Cycling in the City: A 200 Year History


With 100+ miles of protected bike lanes, a flotilla of Citi Bikes, and the robust Five Boro Bike Tour, New York City ranks as one of the top 10 cycling cities in the country. In fact, the nation’s very first bike lane was designated on Brooklyn’s Ocean Parkway in 1894, and the city’s cycling history reaches back two centuries. Beginning March 14th, the Museum of the City of New York will celebrate and explore that history in the new exhibit, “Cycling in the City: A 200 Year History.”


The exhibit–which features more than 150 objects, including 14 bicycles–will be organized into three sections: Cycling Cultures, Cycling Machines and Cycling Landscapes.

In Cycling Cultures, you’ll meet the “wheelmen” of 19th century Brooklyn, and the “New Women,” of the suffrage movement who took to cycling as a means of self reliance and liberation. Alongside them, newer cycling subcultures, such as ethnic cycling clubs, racing clubs, or delivery associations take their place in the city’s diverse cycling history.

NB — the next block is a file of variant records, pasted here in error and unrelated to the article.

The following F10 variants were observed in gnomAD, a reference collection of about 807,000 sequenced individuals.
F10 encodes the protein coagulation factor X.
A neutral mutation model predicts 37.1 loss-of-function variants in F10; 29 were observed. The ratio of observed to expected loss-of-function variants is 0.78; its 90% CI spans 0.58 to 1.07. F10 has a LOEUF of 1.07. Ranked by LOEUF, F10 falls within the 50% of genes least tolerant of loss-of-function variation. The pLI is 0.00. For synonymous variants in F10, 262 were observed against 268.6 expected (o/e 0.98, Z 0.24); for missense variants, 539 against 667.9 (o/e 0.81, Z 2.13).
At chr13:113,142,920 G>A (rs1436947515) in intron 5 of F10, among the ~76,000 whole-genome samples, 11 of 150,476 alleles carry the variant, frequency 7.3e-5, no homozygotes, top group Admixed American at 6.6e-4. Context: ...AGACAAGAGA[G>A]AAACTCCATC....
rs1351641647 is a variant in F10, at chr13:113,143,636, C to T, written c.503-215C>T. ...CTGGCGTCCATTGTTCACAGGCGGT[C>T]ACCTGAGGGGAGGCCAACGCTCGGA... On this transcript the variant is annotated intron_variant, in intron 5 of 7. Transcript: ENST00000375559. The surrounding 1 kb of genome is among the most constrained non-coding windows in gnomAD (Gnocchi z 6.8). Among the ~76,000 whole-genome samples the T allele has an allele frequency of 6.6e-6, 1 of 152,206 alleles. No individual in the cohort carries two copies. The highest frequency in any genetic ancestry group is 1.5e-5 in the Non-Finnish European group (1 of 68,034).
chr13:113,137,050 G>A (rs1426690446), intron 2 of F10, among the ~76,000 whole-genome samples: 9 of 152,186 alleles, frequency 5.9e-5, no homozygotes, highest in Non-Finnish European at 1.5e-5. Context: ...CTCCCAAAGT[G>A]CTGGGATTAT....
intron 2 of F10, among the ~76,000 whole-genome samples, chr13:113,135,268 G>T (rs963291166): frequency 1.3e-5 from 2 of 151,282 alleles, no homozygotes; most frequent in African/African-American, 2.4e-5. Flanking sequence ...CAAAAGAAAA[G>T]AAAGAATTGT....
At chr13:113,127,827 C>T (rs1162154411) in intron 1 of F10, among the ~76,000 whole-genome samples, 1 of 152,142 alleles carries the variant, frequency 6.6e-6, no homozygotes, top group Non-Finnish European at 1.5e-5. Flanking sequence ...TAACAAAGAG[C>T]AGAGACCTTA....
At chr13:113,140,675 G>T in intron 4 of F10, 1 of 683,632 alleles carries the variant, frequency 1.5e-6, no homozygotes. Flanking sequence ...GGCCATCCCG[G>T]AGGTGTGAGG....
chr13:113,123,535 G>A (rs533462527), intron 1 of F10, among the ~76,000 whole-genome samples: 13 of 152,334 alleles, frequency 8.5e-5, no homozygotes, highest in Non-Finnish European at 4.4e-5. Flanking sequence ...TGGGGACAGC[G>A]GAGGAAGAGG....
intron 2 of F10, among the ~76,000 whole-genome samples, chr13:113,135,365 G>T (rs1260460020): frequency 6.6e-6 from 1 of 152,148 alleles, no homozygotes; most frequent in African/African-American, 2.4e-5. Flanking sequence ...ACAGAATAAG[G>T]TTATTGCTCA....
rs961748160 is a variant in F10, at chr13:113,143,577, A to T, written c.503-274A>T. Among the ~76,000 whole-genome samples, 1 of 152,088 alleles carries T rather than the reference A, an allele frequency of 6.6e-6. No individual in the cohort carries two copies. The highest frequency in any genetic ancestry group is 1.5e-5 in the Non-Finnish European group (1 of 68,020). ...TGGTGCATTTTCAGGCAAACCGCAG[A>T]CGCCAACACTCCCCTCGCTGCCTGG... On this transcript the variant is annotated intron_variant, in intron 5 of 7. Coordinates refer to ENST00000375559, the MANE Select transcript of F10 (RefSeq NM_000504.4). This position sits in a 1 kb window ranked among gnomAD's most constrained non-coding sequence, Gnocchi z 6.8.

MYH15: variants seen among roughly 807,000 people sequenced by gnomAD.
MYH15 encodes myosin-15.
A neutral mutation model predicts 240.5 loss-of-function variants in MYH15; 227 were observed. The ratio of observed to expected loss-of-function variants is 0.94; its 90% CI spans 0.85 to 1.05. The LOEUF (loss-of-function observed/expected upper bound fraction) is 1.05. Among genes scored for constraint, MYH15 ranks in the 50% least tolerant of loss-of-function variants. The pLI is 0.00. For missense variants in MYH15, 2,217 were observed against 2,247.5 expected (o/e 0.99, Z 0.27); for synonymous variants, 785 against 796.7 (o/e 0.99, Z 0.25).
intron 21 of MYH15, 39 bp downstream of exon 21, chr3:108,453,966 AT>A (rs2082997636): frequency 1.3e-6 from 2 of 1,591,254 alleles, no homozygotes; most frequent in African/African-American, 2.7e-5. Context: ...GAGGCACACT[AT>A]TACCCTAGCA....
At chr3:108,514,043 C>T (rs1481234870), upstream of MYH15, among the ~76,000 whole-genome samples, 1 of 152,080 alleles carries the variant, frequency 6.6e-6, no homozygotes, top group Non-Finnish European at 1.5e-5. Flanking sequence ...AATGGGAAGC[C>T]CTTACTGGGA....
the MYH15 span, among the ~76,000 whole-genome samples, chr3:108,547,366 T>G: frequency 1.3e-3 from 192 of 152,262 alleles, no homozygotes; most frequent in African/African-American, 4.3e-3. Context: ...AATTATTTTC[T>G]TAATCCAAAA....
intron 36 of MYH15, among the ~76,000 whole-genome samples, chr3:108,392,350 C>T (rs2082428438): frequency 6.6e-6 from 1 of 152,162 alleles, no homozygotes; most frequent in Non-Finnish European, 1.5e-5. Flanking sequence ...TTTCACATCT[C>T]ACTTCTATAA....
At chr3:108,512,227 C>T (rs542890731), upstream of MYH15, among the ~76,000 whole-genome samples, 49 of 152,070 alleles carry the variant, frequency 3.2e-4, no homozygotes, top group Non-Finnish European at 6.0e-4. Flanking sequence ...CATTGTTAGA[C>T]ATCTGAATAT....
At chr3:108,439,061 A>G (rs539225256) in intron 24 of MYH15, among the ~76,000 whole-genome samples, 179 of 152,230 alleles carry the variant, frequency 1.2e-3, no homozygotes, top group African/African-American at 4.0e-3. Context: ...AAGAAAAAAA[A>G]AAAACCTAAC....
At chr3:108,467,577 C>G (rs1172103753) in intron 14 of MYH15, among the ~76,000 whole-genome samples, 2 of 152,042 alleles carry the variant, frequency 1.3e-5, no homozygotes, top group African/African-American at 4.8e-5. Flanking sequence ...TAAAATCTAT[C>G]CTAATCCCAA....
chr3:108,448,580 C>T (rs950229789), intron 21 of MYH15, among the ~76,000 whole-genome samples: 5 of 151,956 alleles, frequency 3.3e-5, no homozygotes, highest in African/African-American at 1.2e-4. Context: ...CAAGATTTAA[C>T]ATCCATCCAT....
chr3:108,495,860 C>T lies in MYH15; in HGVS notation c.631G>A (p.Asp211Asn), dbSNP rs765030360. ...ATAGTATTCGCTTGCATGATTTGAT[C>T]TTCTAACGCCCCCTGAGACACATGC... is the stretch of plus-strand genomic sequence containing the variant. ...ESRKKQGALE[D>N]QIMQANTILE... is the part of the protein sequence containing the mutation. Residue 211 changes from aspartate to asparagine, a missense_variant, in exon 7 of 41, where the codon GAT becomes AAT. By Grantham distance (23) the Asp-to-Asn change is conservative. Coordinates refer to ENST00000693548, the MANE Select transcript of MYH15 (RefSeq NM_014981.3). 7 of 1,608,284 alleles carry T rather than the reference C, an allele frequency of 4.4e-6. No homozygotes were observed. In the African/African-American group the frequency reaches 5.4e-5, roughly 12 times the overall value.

Cycling Machines will explore the technological evolution of the bicycle. Turns out New York’s cycle craze began in 1819, when the very first human-powered two wheel machine, known as the “velocipede,” a contraption without pedals, allowed riders to coast down hills by pushing off the ground. By the 1860s, “pedal machines” hit the scene, and New York became the center of the nation’s bicycle industry. Bikes as we know them date to the 1890s, but the exhibit will also focus on transformative models from the 20th and 21st centuries, such as fixed-gear bikes, folding bikes, pedi-cabs, ride-shares, and even the “bespoke” bikes of today’s Brooklyn.


Finally, Cycling Landscapes will consider the bicycle’s role in the city’s complex web of concerns including street safety, environmentalism, and mobility.